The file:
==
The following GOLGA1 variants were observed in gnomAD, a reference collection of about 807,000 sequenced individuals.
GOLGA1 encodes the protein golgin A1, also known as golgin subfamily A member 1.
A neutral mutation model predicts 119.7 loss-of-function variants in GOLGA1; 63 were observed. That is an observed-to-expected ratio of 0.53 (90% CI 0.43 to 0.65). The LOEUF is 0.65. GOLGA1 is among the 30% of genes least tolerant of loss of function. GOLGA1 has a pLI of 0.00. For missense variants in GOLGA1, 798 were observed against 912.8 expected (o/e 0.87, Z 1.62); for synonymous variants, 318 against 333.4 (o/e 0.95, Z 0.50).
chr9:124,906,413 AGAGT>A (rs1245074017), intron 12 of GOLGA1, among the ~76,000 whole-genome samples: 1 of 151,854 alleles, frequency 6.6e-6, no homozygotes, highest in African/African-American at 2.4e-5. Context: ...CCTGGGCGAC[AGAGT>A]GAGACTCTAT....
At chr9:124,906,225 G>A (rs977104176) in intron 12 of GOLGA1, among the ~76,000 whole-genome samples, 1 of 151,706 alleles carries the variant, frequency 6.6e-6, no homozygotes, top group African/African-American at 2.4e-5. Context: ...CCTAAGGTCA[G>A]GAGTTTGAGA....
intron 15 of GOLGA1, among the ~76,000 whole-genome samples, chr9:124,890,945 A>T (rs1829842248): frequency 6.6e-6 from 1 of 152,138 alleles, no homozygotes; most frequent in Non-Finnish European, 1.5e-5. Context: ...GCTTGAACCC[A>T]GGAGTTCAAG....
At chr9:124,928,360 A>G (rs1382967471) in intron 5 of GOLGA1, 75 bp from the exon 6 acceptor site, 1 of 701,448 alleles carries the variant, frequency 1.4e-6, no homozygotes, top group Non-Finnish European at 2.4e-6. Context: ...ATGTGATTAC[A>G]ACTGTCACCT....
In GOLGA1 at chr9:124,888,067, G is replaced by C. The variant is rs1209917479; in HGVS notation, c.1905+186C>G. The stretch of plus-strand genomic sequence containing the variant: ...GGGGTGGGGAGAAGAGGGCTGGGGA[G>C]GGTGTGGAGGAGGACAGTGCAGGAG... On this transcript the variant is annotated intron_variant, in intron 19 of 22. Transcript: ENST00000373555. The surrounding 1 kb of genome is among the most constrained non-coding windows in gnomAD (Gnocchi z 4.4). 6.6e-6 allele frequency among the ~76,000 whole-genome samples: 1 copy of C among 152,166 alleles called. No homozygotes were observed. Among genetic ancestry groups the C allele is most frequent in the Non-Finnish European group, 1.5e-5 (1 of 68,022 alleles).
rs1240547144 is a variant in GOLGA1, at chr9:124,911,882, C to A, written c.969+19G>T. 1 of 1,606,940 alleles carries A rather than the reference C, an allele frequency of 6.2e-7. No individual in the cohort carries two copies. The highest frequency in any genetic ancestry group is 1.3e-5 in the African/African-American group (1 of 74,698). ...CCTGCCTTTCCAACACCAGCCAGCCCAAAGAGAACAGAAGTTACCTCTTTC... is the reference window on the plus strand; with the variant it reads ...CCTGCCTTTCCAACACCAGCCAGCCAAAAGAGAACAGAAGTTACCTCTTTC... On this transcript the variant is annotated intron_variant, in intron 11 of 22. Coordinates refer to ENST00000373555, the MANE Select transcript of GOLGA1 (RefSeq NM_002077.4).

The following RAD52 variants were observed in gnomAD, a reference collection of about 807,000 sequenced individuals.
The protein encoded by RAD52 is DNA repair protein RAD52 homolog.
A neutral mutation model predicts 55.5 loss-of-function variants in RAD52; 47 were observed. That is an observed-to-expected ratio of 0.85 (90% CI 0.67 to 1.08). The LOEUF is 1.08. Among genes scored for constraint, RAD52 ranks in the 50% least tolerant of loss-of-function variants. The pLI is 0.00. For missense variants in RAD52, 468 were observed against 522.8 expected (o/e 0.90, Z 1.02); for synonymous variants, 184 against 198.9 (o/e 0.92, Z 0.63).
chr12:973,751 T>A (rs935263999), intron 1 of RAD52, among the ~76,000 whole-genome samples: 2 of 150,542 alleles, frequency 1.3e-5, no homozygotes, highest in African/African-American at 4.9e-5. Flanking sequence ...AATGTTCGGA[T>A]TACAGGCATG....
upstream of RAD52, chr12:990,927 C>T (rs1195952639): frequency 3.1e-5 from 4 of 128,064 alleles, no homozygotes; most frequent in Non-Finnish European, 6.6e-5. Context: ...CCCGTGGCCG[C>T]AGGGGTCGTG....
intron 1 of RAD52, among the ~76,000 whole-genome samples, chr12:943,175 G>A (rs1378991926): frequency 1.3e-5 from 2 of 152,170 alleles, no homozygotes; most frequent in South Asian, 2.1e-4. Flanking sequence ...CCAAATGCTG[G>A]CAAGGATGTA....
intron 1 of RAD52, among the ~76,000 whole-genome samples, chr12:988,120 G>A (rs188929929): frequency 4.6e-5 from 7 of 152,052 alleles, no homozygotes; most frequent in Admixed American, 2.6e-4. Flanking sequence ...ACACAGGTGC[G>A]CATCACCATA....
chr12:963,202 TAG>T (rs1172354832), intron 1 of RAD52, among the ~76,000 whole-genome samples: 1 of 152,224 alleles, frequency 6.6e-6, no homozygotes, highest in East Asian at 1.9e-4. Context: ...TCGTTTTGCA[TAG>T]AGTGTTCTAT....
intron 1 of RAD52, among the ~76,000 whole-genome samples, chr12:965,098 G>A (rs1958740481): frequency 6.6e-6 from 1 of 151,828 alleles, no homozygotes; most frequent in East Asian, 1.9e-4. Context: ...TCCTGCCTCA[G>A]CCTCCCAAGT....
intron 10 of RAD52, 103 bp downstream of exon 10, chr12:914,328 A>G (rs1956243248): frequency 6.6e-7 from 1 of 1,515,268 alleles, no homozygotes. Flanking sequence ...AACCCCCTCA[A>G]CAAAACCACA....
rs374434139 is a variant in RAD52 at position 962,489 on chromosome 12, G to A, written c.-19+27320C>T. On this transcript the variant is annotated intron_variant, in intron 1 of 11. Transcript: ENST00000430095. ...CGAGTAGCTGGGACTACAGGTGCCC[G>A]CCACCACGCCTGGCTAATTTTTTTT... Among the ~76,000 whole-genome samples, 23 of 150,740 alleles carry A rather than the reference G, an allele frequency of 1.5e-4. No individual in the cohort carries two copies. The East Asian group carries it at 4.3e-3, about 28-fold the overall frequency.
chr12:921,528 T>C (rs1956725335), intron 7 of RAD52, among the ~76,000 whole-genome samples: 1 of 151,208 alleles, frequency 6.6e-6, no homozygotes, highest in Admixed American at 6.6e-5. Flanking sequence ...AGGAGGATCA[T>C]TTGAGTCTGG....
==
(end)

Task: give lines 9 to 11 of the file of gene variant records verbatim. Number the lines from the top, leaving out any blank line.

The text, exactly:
rs1240547144 is a variant in GOLGA1, at chr9:124,911,882, C to A, written c.969+19G>T. 1 of 1,606,940 alleles carries A rather than the reference C, an allele frequency of 6.2e-7. No individual in the cohort carries two copies. The highest frequency in any genetic ancestry group is 1.3e-5 in the African/African-American group (1 of 74,698). ...CCTGCCTTTCCAACACCAGCCAGCCCAAAGAGAACAGAAGTTACCTCTTTC... is the reference window on the plus strand; with the variant it reads ...CCTGCCTTTCCAACACCAGCCAGCCAAAAGAGAACAGAAGTTACCTCTTTC... On this transcript the variant is annotated intron_variant, in intron 11 of 22. Coordinates refer to ENST00000373555, the MANE Select transcript of GOLGA1 (RefSeq NM_002077.4).

The following RAD52 variants were observed in gnomAD, a reference collection of about 807,000 sequenced individuals.
The protein encoded by RAD52 is DNA repair protein RAD52 homolog.